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Where are the Dreams of My Youth?

by Edd Vick

The future visits me in the night.

I often wake disturbed by dreams of carriages that move without steeds, tiny actors who perform dramas in small boxes, metal ships that sail the skies. Doctors fail to curb these dreams, spiritual advisors condemn but do not curtail them. Engineers are the worst, they ask me to examine more closely these apparati, to endeavour to divine their inner workings.

What am I, I ask them. A working man?

It haunts me that it could be reality that I dream. Am I a man of my time and place dreaming of such wonders, or am I some denizen of this far future who in reveries thinks himself me? I remember, when I was in short pants, a dream where I thought myself a bear cub dreaming he was a boy. It seems more decent to dream retrograde, as men have always done.

I age, I grow weary of my constrained life. It would be wonderful to ride away in these marvelous conveyances and see foreign climes. I instruct my valet to waken me at a random time of his choosing every night. I wake, I put pen to paper and record my observations. Sometimes I am jolted awake before I am even completely asleep, sometimes I awake naturally and am vaguely amused to see my man approach.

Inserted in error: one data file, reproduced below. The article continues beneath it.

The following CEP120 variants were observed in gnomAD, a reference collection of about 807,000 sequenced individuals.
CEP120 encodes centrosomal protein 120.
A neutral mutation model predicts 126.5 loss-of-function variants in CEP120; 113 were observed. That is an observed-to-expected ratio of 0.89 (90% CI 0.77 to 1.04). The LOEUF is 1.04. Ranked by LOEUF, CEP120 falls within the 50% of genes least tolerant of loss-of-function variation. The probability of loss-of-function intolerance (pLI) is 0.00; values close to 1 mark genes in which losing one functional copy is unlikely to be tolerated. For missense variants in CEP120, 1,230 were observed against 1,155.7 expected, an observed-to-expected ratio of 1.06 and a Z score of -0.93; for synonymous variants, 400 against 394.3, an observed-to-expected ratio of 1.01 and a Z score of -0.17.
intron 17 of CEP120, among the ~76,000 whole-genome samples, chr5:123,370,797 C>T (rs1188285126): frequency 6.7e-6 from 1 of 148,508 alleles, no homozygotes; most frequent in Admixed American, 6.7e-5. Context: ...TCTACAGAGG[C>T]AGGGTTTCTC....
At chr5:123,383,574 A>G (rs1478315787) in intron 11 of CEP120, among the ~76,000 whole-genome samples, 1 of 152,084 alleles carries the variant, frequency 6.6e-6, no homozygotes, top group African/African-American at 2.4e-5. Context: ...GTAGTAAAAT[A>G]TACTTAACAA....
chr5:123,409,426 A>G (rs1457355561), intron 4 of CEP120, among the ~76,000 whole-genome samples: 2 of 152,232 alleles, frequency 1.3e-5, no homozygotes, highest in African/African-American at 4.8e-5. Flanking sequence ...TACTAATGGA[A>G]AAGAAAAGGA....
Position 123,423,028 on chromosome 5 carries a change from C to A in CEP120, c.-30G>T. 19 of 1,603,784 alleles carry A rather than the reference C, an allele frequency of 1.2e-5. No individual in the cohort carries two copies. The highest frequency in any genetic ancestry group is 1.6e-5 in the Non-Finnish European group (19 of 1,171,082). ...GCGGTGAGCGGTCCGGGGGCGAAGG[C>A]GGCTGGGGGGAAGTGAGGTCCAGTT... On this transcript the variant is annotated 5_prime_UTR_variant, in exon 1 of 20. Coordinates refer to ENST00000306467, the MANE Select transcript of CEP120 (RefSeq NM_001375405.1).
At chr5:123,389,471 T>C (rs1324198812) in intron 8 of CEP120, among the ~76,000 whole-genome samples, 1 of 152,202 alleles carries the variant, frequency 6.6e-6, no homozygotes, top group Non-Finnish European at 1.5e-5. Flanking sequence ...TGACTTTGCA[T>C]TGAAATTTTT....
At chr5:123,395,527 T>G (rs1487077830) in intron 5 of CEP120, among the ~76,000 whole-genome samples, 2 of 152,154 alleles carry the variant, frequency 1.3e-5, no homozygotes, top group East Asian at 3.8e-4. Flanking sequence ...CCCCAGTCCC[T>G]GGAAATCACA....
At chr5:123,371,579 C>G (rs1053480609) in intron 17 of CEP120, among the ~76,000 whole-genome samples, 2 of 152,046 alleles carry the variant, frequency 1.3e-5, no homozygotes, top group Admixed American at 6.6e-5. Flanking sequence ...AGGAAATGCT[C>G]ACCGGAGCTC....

And sometimes, I am awakened by one or another of my thirty alarm clocks. They are each set to a different time and I pick one at random to switch on after turning off the light.

Most mornings I wake in the middle of a dream. These dreams always feature ballrooms, fancy dress parties, cantering through manicured formal gardens. Everyone is cultured, conversing in their screenplay-perfect lines.

I shuffle through my third-story walkup, wondering whose dreams I have. When I was four I dreamed that I was a dolphin who dreamed he was a little boy, and spoke only in a bubbly made-up language for the rest of the day. It could be that I am an aristocrat dreaming of myself in this lousy existence. I just need to wake up in the right life.

And so I set my alarms, and dream away the nights, imagining other days in another guise, and wake again to this humdrum life of perpetual hunts and balls.

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